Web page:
Because of its incredibly short binding time with the 5-HT2A receptor, DMT might hold major benefits for those with bipolar disorder. Most psychedelics including psilocybin, LSD, and DMT, “plug into” the 2A receptor, and the length of a trip is determined by the length of their stay there. LSD is a longer-lasting trip than DMT or psilocybin because it stays plugged in for the longest. It is possible that DMT’s short binding time also poses less risk of mania for bipolar people, LSD and other substances that bind longer present more risk.
The bipolar brain has a malfunction in a key mood regulating function: inositol phosphate metabolism. Rather than being too high or low, due to its missing regulating mechanism, the bipolar mind functions at speeds that are too fast or too slow. Medication like Lithium helps regulate that speed.
Ayahuasca and DMT in carefully curated circumstances can help some bipolar patients feel relief from depression and better awareness of their mania and how it affects others. The feelings of social connectedness and conscience from psychedelics and DMT in particular might offer bipolar patients insight into how behaviors that feel amazing in the moment are actually highly problematic.
Benjamin Mudge, a Flinders University PhD candidate, has created harm reduction guidelines for people diagnosed with bipolar disorder who want to drink ayahuasca. He advises people to wait for research like his to be finished before trying psychedelics, yet hopes if people ignore his advice they will reduce the risk of mood episodes and stay safe by following these guidelines.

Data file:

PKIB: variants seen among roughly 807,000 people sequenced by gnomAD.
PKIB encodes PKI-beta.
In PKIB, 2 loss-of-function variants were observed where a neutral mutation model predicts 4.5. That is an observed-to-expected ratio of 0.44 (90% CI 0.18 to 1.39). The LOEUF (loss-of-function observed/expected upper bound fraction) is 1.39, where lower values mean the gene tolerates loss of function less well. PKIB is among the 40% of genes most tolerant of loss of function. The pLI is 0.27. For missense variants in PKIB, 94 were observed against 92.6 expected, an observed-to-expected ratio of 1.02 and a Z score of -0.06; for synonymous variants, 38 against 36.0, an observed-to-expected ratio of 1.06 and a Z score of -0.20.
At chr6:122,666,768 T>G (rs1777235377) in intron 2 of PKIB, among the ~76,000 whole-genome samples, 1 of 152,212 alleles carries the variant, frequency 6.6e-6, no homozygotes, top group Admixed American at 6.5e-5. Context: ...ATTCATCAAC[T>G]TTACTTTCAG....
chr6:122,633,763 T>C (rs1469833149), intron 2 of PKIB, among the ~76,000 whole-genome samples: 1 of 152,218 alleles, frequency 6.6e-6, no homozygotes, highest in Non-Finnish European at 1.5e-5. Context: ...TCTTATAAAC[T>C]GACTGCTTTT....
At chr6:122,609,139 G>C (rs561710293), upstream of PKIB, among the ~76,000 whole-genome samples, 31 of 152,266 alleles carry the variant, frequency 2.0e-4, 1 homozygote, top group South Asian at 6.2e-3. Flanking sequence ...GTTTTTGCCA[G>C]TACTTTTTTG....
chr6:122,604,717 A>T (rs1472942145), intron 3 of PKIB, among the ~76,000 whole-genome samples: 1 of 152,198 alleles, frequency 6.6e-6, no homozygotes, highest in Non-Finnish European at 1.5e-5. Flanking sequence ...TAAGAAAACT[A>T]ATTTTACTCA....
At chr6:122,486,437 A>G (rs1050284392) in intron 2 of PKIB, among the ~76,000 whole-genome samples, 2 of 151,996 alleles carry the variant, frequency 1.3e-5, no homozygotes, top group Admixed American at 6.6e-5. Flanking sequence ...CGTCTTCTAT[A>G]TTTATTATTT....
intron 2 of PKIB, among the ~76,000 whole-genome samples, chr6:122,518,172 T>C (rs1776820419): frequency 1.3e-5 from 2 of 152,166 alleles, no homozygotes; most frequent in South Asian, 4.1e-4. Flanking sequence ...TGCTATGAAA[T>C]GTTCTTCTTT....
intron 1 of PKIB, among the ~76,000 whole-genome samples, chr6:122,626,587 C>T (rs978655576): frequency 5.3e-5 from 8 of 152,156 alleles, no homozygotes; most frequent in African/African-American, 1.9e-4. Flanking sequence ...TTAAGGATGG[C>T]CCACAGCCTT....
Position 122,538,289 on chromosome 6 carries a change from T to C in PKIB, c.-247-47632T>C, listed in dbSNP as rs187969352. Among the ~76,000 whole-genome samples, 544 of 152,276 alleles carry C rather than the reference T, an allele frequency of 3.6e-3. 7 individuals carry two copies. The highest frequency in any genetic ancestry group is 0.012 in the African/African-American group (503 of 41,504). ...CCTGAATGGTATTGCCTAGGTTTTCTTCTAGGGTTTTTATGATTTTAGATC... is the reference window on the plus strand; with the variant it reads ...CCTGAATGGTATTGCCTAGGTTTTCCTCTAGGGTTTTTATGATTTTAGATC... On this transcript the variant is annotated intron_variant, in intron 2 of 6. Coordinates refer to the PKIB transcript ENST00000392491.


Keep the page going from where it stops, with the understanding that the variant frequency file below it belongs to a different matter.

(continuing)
For example, the guidelines recommend that bipolar people avoid partaking in the ayahuasca tradition of multiple ceremonies over the course of several days, which places the bipolar brain at greater risk of mania. They also recommend that bipolar patients avoid mixing ayahuasca with other substances, including traditional tolls such as cannabis, rapé, and even anything containing caffeine such as cacao. The bipolar ayahuasca explorer should also avoid fermented ayahuascas that contain alcohol, and aim for brews without Syrian Rue and with more DMT than MAOI inhibitors.
(Fermented ayahuasca is still usable; just brew over low heat for 15 to 20 minutes to steam off the alcohol—avoid boiling. It should smell like a vegetable stew when it is done.)
Psychedelics, Heightened Awareness, and Bipolar Disorder
Deeper insights that support healthier behaviors are a hallmark of psychedelics generally, not just DMT and ayahuasca. Bipolar people who have used psychedelics in a controlled setting may be more aware of my manic episodes as they take place and more quickly able to recognize them. This in turn empowers them to render manic events less severe and shorter. For example, a patient with bipolar disorder may recognize a manic episode after spending $100 online, rather than thousands.